The parents realize as the years pass that they were lucky to escape from Germany as the country of Goethe and Schiller turns barbaric, but they are troubled about what’s to happen to their relatives left behind and must also deal with their rapidly changing lives. Their love is tested when their sex life is on the skids, as the emasculated Walter comes to dread his exile experience and how much status he has lost since his manhood was impugned by not wearing his lawyer’s black-robe anymore. Their personal life becomes more complicated as they try to find ways to renew their love. They spent about a decade in Kenya before returning to Germany after the war to start over again in a country they no longer fully trust. Walter aims to help build democracy in the new Germany, where he accepts a position as a judge in Hesse.

In Kenya, the family no longer has the illusion they belong like before in Germany. They are outsiders in the British-controlled Kenya because they are not only German foreigners and white, but also Jewish. How the natives view them is never fully explored, except for the few times they are laughed at for their inadequacies. Though Regina is treated as an equal because they feel her sincerity. Mother is self-absorbed and has lingering racist views, but she grows and learns to become more independent and open-minded. The father has a quiet intelligence, but grows increasingly haunted by a country he can’t fit into. He is moving in opposite directions from his wife and daughter. By the film’s end, Jettel has made peace with the country and would prefer to remain (though we never really understand why). The same goes for Regina, who loved Africa upon first contact.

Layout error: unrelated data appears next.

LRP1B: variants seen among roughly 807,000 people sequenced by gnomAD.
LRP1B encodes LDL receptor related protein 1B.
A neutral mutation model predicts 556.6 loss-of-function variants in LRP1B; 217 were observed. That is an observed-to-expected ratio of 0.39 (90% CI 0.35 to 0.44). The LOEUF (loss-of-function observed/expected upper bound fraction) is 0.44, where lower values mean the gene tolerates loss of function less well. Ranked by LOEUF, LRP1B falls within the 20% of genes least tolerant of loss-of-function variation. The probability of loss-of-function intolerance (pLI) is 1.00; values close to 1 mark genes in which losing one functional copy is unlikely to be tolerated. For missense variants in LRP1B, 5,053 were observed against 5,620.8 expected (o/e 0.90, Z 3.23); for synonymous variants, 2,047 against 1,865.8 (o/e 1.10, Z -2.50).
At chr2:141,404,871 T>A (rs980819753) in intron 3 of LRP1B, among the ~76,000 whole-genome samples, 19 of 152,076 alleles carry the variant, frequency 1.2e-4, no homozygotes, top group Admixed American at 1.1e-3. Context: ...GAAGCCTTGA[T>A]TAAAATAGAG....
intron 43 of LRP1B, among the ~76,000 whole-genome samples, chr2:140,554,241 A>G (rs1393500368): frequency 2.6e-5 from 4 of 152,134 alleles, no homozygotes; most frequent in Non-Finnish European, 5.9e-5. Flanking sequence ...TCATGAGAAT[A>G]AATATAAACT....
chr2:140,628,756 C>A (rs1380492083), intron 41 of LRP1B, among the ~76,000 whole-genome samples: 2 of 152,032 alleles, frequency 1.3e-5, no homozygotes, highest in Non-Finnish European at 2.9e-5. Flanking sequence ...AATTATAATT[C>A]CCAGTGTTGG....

In the Redlich’s first farm in Rongai, they endure until they are ironically rounded up and interned as political prisoners during the outbreak of WW11 by the British colonizers because they are Germans. They are taken to Nairobi and the women are kept separately in the first-class Hotel Norfolk, where they dine and lounge in luxury. When Walter is fired from the farm because he’s a German, Jettel finds a new farm through her German-speaking British army officer lover in a probable trade for sexual favors. When the Jews are released after a few months of captivity as the British realize their foolish mistake, Walter joins the British army and Jettel runs the farm. Meanwhile Regina is sent to a British private boarding school and has to endure an anti-Semitic headmaster who makes the few Jews leave their seats in the school auditorium and stand at the side while the students recite the Lord’s Prayer. She returns to the farm during holidays as a vibrant and well-educated teenager, but still has no problem going native.